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Does anyone perhaps know what the current status is of the following ZFS aspects ?
Posted Sep 19, 2013 9:28 UTC (Thu) by Lennie (subscriber, #49641)
I've not seen any indication anywhere that says anything else.
Posted Sep 20, 2013 10:07 UTC (Fri) by Rudd-O (subscriber, #61155)
Posted Sep 20, 2013 10:42 UTC (Fri) by Lennie (subscriber, #49641)
That has mostly been solved by ZoL, but the real question is: can it be included with Linux distributions ? I don't think I've seen that yet.
If not, then it can't ever be the default filesystem on Linux either.
Posted Sep 20, 2013 11:49 UTC (Fri) by cortana (subscriber, #24596)
Posted Sep 20, 2013 12:02 UTC (Fri) by Lennie (subscriber, #49641)
So if binaries can't be distributed and the installer doesn't support DKMS packages then the result will be it will never be the default filesystem.
Posted Sep 30, 2013 15:23 UTC (Mon) by cortana (subscriber, #24596)
IIRC you can install Debian inside VirtualBox and you'll end up with a system including virtualbox-guest-dkms without any user intervention.
Posted Sep 28, 2013 17:49 UTC (Sat) by peschmae (subscriber, #32292)
They do so for a variety of reasons, starting with "Kernel too new and not supported yet". The situation seems to have improved recently, but its still not as reliable as modules that just *are* in the kernel.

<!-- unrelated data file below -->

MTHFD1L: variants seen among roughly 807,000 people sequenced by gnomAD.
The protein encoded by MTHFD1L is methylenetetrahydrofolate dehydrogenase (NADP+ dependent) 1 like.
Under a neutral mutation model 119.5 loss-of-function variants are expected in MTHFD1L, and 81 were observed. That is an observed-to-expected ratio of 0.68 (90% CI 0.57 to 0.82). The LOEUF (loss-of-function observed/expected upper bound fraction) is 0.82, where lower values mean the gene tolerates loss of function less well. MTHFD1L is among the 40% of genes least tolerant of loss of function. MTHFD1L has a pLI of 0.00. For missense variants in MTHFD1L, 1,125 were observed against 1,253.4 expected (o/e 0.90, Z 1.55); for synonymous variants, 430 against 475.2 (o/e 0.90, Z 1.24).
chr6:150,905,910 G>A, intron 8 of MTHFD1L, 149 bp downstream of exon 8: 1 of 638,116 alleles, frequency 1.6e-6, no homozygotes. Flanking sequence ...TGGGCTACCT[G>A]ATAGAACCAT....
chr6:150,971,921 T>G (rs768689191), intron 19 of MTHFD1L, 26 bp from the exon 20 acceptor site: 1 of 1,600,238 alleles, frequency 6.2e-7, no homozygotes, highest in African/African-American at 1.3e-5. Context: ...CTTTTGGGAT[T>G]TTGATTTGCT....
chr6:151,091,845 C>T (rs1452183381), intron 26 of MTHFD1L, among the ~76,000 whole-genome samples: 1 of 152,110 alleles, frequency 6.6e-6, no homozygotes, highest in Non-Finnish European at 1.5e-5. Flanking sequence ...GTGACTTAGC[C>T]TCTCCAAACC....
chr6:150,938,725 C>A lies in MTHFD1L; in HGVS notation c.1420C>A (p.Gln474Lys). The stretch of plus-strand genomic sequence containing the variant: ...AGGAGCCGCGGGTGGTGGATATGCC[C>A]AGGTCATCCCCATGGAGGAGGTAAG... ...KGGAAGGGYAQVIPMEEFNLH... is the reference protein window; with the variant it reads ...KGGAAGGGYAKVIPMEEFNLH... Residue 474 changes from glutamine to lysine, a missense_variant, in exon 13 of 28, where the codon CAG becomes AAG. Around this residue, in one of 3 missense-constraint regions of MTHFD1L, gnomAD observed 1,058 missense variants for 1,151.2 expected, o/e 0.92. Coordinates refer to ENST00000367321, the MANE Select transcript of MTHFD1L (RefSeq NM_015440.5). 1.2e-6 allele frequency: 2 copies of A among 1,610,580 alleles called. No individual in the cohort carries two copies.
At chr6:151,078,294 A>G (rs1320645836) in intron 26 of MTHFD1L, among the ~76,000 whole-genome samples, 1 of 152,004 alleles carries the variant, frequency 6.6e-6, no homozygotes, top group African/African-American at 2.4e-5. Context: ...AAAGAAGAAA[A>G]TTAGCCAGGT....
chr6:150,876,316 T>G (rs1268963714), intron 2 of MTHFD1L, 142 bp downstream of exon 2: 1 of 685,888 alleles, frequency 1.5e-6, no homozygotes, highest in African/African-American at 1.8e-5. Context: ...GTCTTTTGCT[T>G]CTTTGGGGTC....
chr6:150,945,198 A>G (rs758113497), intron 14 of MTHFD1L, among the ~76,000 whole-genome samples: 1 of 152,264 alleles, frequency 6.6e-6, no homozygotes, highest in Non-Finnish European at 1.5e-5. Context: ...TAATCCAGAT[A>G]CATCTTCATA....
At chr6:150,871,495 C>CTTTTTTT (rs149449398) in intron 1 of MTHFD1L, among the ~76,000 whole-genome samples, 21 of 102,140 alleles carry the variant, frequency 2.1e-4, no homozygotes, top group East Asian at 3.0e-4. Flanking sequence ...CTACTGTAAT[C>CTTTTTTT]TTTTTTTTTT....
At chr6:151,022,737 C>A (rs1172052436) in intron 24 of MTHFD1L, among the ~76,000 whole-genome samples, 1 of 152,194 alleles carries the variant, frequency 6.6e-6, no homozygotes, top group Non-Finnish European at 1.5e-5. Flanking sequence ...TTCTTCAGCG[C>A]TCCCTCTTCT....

I would hesitate format / with a filesystem that is due to break at the next upgrade...
Posted Sep 30, 2013 15:28 UTC (Mon) by cortana (subscriber, #24596)
I can't speak for the distribution you're using, but in Debian the kernel packages have an 'ABI number' embedded within them, so when you upgrade the kernel to apply e.g., a security fix you know you won't have to rebuild anything, let alone have to worry that you can't rebuild due to an API change.
Posted Sep 23, 2013 1:49 UTC (Mon) by Rudd-O (subscriber, #61155)
I use it in all my systems.
Posted Sep 19, 2013 10:43 UTC (Thu) by nye (guest, #51576)
There's been some work done recently that might have some bearing on this. The fragmentation itself won't be reduced (really it's intrinsic to the design of a log-structured filesystem), but peformance when free space is running low should be much improved. See http://permalink.gmane.org/gmane.os.illumos.zfs/2565 - there's been some more discussion on the topic, but you'll have to dig around the list to find it.
>Not allowing to shrink a filesystem
This, along with actual defragmentation, would require block pointer rewrite functionality. This is a blocker for a lot of features, and has been talked about for years without any visible progress. Someone (might have been Matt Ahrens) mentioned a while back that they had been working on BP rewrite at Oracle, shortly before all the ZFS developers of note left the company. Reading between the lines, I suspect this might be taken as an indication that those most qualified to do that work might be concerned about legal repercussions if they did so (but this is purely speculation on my part).
Regardless, there's recently been some noise at Nexenta about implementing BP rewrite (see http://blog.gmane.org/gmane.os.illumos.zfs/month=20130701 for example), so you never know.
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